By Rob Siebert
Editor, Fanboy Wonder
So this is basically Superior Spider-Man with Doctor Doom and Iron Man. That’s an incredibly simplistic description. But it’s basically accurate, isn’t it? Hey, Superior Spider-Man was really good. If they can capture some of that magic with Infamous Iron Man, more power to them.
In the aftermath of Civil War II, Tony Stark is out of the picture. As Civil War II has been plagued by delays, we don’t know where Tony is, or what’s happened to him. But he’s gone. In his stead, the most unlikely of replacements will take up the Iron Man name: Victor von Doom. But why? More importantly, what is in store for the world now that Doctor Doom is Iron Man???
At face value, this seems to be another story about a bad guy trying to make amends with the world and become a hero. His motivation beyond that remains to be seen. But something’s clearly not right, as evidenced by his creepy scene with Tony’s former love interest Amara Perara. There’s an ominous vibe that seems to indicate things aren’t what they seem. He also makes it clear he’s taking on the Iron Man identity whether Tony (or at least a digital projection of Tony’s consciousness) approves.
Also, the Thing is now an agent of S.H.I.E.L.D. So Doom has a built-in first opponent, who he may face a soon as next issue.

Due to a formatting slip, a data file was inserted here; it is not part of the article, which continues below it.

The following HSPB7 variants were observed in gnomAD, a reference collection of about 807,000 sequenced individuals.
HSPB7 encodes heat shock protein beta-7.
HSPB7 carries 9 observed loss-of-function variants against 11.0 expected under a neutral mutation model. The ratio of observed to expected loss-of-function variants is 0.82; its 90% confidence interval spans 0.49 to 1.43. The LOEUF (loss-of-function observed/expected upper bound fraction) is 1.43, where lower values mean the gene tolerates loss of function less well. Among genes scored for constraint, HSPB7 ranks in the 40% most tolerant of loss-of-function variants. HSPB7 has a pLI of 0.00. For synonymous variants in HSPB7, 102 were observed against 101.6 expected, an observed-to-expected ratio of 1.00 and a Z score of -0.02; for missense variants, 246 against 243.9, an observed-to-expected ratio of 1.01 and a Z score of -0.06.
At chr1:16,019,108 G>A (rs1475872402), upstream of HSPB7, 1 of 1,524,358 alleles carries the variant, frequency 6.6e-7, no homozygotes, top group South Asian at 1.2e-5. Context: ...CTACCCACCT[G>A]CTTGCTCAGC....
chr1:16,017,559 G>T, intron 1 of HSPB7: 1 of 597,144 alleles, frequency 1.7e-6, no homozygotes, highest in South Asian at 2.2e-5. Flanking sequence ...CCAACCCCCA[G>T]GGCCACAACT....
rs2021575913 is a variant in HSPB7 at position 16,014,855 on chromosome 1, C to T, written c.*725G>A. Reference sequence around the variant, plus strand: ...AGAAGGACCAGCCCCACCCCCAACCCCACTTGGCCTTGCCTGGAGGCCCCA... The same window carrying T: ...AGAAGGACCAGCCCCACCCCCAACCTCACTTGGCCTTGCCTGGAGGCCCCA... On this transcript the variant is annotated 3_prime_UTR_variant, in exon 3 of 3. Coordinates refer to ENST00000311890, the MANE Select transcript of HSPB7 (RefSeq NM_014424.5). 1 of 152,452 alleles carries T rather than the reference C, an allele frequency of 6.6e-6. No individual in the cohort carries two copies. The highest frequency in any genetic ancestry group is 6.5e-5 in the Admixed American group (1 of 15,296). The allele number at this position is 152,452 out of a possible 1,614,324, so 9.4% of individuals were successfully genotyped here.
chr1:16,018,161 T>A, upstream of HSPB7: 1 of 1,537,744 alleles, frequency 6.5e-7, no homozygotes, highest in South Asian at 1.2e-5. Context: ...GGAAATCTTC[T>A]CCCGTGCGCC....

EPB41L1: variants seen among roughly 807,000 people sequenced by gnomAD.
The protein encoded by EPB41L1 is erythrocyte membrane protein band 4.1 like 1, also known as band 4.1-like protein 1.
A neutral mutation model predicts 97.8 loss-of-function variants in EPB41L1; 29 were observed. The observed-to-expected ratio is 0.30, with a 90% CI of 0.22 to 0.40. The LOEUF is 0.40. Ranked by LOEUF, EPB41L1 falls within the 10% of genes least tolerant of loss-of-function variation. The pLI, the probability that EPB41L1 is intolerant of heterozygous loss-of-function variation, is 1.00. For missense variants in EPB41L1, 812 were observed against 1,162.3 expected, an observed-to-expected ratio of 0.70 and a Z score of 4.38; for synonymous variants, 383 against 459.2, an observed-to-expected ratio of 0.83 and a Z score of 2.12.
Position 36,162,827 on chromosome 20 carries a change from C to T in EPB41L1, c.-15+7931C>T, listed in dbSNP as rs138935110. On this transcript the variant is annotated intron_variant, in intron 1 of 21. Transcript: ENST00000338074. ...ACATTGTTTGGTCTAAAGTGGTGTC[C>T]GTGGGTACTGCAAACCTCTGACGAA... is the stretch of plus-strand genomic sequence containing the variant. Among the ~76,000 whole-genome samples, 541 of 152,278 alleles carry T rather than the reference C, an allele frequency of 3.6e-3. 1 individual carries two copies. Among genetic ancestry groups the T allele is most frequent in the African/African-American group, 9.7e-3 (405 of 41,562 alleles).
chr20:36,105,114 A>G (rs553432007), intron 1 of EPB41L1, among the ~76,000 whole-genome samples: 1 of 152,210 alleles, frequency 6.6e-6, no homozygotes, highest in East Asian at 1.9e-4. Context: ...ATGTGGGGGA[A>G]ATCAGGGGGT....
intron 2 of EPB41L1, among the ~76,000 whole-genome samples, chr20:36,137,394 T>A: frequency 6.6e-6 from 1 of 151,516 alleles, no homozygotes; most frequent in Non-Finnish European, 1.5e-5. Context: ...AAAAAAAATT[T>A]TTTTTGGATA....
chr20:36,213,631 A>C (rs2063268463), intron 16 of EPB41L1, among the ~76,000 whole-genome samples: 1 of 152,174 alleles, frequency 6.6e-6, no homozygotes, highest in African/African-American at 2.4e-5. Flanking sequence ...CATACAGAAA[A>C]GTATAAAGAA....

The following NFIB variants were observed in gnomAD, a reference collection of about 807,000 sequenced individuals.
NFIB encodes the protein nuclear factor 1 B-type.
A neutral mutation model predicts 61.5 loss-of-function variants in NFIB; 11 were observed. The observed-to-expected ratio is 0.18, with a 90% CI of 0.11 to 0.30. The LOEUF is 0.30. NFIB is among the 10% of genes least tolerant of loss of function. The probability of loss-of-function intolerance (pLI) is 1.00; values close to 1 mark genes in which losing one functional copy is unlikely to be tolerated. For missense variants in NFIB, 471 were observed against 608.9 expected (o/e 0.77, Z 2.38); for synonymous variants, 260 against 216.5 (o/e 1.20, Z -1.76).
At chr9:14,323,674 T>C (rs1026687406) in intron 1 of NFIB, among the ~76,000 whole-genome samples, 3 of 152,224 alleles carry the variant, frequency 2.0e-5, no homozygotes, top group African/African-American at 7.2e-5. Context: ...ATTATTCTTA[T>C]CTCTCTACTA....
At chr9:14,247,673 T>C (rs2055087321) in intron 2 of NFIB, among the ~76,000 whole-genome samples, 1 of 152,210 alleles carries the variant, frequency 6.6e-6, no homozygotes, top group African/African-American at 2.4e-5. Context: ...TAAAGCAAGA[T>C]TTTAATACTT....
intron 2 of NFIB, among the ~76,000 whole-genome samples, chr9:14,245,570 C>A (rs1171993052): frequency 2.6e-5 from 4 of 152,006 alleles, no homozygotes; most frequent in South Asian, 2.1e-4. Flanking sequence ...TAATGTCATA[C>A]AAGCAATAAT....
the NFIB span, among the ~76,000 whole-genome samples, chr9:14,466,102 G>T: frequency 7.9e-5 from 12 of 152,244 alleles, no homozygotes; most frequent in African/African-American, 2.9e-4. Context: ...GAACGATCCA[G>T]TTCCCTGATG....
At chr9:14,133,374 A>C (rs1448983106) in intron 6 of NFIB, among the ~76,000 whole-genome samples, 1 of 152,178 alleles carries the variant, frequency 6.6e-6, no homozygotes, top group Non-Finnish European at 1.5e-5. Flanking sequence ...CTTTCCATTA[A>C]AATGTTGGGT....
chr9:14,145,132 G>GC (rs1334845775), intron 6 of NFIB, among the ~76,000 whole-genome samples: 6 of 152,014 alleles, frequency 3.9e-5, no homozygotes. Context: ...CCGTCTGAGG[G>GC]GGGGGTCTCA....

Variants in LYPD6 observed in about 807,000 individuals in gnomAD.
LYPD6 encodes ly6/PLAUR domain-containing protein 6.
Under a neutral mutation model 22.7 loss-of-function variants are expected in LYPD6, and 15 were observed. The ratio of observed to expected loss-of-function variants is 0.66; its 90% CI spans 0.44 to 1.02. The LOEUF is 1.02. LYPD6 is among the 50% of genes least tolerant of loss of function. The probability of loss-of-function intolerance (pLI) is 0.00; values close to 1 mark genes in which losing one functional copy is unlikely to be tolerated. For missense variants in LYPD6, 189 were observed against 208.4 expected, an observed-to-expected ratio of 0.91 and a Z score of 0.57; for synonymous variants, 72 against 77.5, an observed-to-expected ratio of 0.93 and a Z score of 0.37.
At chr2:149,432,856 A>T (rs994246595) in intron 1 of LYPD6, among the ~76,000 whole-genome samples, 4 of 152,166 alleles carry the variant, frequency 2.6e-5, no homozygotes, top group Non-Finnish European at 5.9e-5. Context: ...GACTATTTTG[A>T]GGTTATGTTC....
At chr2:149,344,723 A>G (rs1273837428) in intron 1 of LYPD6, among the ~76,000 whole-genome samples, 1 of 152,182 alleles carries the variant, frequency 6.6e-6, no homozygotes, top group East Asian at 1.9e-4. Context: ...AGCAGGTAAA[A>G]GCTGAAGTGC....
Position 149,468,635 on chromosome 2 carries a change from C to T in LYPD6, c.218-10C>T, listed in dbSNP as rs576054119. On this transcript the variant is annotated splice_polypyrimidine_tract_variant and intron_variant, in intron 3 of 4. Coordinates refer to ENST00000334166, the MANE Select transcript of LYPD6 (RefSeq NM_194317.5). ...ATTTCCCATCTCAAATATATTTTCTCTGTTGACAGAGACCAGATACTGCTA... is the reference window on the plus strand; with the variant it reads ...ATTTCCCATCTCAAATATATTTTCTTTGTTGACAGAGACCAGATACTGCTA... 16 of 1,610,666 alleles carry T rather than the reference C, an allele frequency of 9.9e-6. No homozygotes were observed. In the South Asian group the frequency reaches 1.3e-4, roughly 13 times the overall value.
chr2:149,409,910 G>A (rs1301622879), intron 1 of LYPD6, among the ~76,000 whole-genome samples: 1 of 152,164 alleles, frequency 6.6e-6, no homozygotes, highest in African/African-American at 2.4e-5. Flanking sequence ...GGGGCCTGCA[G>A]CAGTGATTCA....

Artist Alex Maleev and colorist Matt Hollingsworth let us know we’re squarely in villain territory for most of the issue. Their dark, sketchy, muted M.O. sets a grim tone worthy of Marvel’s most despicable villain. Even when we see Doom rescue Maria Hill from Diablo, it’s difficult to trust him as he’s shrouded in darkness.
Maleev’s rendering of Victor, whose face has been restored after the events of Secret Wars, is interesting. He maintains the suave and sharp look he had in Invincible Iron Man. But Maleev also humanizes him. Early in the issue, there’s a transition from a shot of the Doctor Doom mask, to the same shot of Victor. Male gives him a face slightly touched by age. Mike Deodato modeled him after Vincent Cassel in Invincible. But you can also see a little Peter Cushing (Tarkin from Star Wars) in Maleev’s version.
Doctor Doom is, among many things, delightfully complex. He’s as good a candidate as any to do the villain-becomes-hero routine. Our villain’s attempt to reform will inevitably crash and burn. Given this is Doctor Doom we’re talking about, that crash will undoubtedly be big, epic, and deadly. So for now, Infamous Iron Man has my attention.
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